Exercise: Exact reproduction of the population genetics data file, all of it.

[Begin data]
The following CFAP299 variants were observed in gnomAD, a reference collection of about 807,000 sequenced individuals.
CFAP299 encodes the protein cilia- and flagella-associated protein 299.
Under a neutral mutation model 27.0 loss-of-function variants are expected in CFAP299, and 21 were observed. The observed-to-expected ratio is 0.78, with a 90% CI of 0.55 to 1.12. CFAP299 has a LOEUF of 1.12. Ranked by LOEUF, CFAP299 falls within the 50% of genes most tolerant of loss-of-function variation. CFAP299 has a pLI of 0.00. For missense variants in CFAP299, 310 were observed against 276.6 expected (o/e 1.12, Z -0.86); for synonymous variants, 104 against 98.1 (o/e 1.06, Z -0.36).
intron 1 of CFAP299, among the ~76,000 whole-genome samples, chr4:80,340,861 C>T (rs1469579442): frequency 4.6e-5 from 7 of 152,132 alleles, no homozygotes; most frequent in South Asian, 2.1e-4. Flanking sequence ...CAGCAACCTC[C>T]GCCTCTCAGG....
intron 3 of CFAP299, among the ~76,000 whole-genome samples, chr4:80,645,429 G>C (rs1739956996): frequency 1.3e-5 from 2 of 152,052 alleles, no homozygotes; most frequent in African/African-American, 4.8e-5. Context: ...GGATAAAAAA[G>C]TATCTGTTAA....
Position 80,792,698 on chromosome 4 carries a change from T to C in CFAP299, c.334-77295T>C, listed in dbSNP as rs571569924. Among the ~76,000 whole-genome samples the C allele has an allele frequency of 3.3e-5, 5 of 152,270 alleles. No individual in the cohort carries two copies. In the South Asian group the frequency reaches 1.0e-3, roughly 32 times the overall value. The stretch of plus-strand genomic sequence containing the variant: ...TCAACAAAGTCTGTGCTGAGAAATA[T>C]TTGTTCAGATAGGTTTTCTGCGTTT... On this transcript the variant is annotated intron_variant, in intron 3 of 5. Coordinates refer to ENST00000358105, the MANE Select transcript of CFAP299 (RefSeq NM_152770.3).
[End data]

The following CFAP299 variants were observed in gnomAD, a reference collection of about 807,000 sequenced individuals.
CFAP299 encodes the protein cilia- and flagella-associated protein 299.
Under a neutral mutation model 27.0 loss-of-function variants are expected in CFAP299, and 21 were observed. The observed-to-expected ratio is 0.78, with a 90% CI of 0.55 to 1.12. CFAP299 has a LOEUF of 1.12. Ranked by LOEUF, CFAP299 falls within the 50% of genes most tolerant of loss-of-function variation. CFAP299 has a pLI of 0.00. For missense variants in CFAP299, 310 were observed against 276.6 expected (o/e 1.12, Z -0.86); for synonymous variants, 104 against 98.1 (o/e 1.06, Z -0.36).
intron 1 of CFAP299, among the ~76,000 whole-genome samples, chr4:80,340,861 C>T (rs1469579442): frequency 4.6e-5 from 7 of 152,132 alleles, no homozygotes; most frequent in South Asian, 2.1e-4. Flanking sequence ...CAGCAACCTC[C>T]GCCTCTCAGG....
intron 3 of CFAP299, among the ~76,000 whole-genome samples, chr4:80,645,429 G>C (rs1739956996): frequency 1.3e-5 from 2 of 152,052 alleles, no homozygotes; most frequent in African/African-American, 4.8e-5. Context: ...GGATAAAAAA[G>C]TATCTGTTAA....
Position 80,792,698 on chromosome 4 carries a change from T to C in CFAP299, c.334-77295T>C, listed in dbSNP as rs571569924. Among the ~76,000 whole-genome samples the C allele has an allele frequency of 3.3e-5, 5 of 152,270 alleles. No individual in the cohort carries two copies. In the South Asian group the frequency reaches 1.0e-3, roughly 32 times the overall value. The stretch of plus-strand genomic sequence containing the variant: ...TCAACAAAGTCTGTGCTGAGAAATA[T>C]TTGTTCAGATAGGTTTTCTGCGTTT... On this transcript the variant is annotated intron_variant, in intron 3 of 5. Coordinates refer to ENST00000358105, the MANE Select transcript of CFAP299 (RefSeq NM_152770.3).